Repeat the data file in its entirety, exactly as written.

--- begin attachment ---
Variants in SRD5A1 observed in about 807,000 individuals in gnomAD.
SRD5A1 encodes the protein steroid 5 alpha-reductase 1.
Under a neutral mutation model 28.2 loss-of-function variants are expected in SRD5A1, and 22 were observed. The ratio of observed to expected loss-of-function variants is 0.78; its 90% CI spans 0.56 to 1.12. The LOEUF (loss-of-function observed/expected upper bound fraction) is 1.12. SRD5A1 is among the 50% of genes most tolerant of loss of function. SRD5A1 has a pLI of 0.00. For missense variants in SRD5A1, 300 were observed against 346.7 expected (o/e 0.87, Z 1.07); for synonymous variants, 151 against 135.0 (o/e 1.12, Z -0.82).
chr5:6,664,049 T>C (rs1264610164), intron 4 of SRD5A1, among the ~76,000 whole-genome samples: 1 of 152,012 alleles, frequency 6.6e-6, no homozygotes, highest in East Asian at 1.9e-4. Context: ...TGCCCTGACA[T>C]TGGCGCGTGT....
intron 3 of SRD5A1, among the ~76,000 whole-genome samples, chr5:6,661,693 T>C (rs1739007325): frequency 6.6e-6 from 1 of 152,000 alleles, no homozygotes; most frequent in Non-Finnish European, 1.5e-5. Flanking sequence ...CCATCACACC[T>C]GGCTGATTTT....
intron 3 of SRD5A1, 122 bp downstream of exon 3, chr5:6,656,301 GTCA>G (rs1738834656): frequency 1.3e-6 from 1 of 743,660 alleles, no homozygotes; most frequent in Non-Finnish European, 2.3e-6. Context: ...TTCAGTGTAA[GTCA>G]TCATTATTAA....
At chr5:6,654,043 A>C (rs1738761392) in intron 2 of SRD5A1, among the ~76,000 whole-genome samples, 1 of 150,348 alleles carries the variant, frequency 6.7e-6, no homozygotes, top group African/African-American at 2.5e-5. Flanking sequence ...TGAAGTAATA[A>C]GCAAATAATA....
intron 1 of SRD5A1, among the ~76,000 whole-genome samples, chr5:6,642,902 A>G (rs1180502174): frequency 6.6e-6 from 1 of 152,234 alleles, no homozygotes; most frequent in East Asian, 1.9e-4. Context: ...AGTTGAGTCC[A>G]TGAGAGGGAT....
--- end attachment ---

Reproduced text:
Variants in SRD5A1 observed in about 807,000 individuals in gnomAD.
SRD5A1 encodes the protein steroid 5 alpha-reductase 1.
Under a neutral mutation model 28.2 loss-of-function variants are expected in SRD5A1, and 22 were observed. The ratio of observed to expected loss-of-function variants is 0.78; its 90% CI spans 0.56 to 1.12. The LOEUF (loss-of-function observed/expected upper bound fraction) is 1.12. SRD5A1 is among the 50% of genes most tolerant of loss of function. SRD5A1 has a pLI of 0.00. For missense variants in SRD5A1, 300 were observed against 346.7 expected (o/e 0.87, Z 1.07); for synonymous variants, 151 against 135.0 (o/e 1.12, Z -0.82).
chr5:6,664,049 T>C (rs1264610164), intron 4 of SRD5A1, among the ~76,000 whole-genome samples: 1 of 152,012 alleles, frequency 6.6e-6, no homozygotes, highest in East Asian at 1.9e-4. Context: ...TGCCCTGACA[T>C]TGGCGCGTGT....
intron 3 of SRD5A1, among the ~76,000 whole-genome samples, chr5:6,661,693 T>C (rs1739007325): frequency 6.6e-6 from 1 of 152,000 alleles, no homozygotes; most frequent in Non-Finnish European, 1.5e-5. Flanking sequence ...CCATCACACC[T>C]GGCTGATTTT....
intron 3 of SRD5A1, 122 bp downstream of exon 3, chr5:6,656,301 GTCA>G (rs1738834656): frequency 1.3e-6 from 1 of 743,660 alleles, no homozygotes; most frequent in Non-Finnish European, 2.3e-6. Context: ...TTCAGTGTAA[GTCA>G]TCATTATTAA....
At chr5:6,654,043 A>C (rs1738761392) in intron 2 of SRD5A1, among the ~76,000 whole-genome samples, 1 of 150,348 alleles carries the variant, frequency 6.7e-6, no homozygotes, top group African/African-American at 2.5e-5. Flanking sequence ...TGAAGTAATA[A>C]GCAAATAATA....
intron 1 of SRD5A1, among the ~76,000 whole-genome samples, chr5:6,642,902 A>G (rs1180502174): frequency 6.6e-6 from 1 of 152,234 alleles, no homozygotes; most frequent in East Asian, 1.9e-4. Context: ...AGTTGAGTCC[A>G]TGAGAGGGAT....